Wednesday, August 5, 2015

Warm-Up: Getting it "right" - Part III

"Real" Words in the Warm-Up

It seems to me that the next step after the unification of vowels and the use of consonants might involve singing words that change per note.  I realize this very practice is what we generally do from morn till dusk in choral music…and we have done this very thing since we began singing as toddlers...but once the mind is engaged in vowel unification and consonant clarity in Warm-Up, it is our hope that students will think of each word in a new way.  Right?  Sing it differently…make certain the vowels are unified….engage the ears, too!  Watch out for those middle consonants!!

You might find some helpful warm-up exercises that will assist in From Concepts to Concerts.  If you have the book, take a look at pages 73-78.  You will see some examples that will assist your students in the very types of ways I think might be helpful.  Basically, it is the same step-by-step process…start slowly, giving students time to think about the voice, the ear, etc., then move to shorter note durations.

Once students have sung individual words successfully, meeting criteria…maybe then it is time to sing a short phrase…a "sentence."  Many of us have sung the "1, 3, 5, 8, 5, 3, 1" phrase "It's a fine day today"….there are a gazillion of them "out there," or we can make up our own meaningful sentence, based on whatever students are experiencing in their lives that day…current events…or…maybe something meaningful in the lives of your singers.  Maybe someone has won an award, received special recognition for an achievement, etc.  Why not a warm-up in regard to that accomplishment?  Celebrate achievement with a Warm-Up!  Celebrate with friends!  A short phrase gets it done…for those of you who have not been lyricists, you will likely enjoy this process…and your students will love it.

Length in the Warm-Up:
For each example, try to keep your tasks limited to 2-4 measures.  Yes…I have written longer examples  in From Concepts to Concerts.  In most cases, we were trying to get everything on a single page…however, please feel free to sing examples in segments.  Students can feel overwhelmed with the length of tasks.  How can I get from here to there?  Just take a segment, go for success, then add a measure (or so) at a time.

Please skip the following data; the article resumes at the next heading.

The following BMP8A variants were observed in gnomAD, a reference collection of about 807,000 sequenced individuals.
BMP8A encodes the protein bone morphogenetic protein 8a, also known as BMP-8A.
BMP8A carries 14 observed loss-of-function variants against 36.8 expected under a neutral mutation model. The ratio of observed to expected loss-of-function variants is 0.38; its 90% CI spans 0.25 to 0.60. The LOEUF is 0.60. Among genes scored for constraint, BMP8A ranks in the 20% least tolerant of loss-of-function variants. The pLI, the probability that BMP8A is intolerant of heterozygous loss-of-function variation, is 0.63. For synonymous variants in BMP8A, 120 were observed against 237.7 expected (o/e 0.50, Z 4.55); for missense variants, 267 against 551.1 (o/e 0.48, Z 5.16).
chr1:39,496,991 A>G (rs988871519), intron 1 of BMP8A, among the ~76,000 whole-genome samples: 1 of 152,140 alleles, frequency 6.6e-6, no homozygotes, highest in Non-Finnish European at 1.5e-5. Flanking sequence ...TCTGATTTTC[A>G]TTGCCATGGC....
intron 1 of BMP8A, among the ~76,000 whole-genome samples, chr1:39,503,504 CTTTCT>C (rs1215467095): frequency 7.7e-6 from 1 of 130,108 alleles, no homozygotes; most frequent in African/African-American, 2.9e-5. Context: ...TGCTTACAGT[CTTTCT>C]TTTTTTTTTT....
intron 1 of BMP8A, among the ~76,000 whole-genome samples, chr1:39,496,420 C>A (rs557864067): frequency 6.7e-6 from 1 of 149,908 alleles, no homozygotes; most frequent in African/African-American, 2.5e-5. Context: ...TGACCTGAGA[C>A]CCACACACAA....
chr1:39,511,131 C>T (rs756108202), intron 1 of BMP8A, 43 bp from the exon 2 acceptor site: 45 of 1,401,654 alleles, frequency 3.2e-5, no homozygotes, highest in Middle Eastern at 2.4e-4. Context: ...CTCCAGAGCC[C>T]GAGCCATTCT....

At this point, I think it is important to encourage teachers to remember to give 1) positive reinforcement for successful achievement in the Warm-Up, along with 2) all feedback regarding academic (music-related) performance.  In my opinion, the latter is the most challenging area for a teacher in the Warm-Up.  When do you give feedback in the Warm-Up? If you give feedback while students are singing, their own thought process and evaluation might be disrupted…and…if a teacher is speaking, how can they hear?….and….if a teacher is stopping to give feedback between each half-step increment in the warm-up, and if (according to research) stopping a choir functions as can there be a flow to the Warm-Up that will achieve the purpose of the Warm-Up?  How can a Warm-Up be "pleasant" for students and teacher?

Okay…an expressive "face"…and maybe even specially designed "gestures" that mean something to students (you must tell them what they mean…else, they won't "get them")…maybe these types of silent feedback (nod, smile, eyebrows raised, finger pointing to the sky, conducting gestures for dynamics, etc.) would be the best.

Sometimes I just wish there would be an area of teaching that is "easy."  It is all difficult..every bit of it.  "Yea" for choral music educators (church, school, community)…you are the heroes of choral music in every way…you are the reasons many of us are doing the things we love…you are the reasons many of your students are now attending the choral concerts of their children…you are the reasons there are successful doctors, lawyers, accountants, social workers, performers, and all sorts of other contributors to society…attending Handel's "Messiah!"  It is a wonderful and noble thing that you do.  Hallelujah!  So sweet!  Have a great year!

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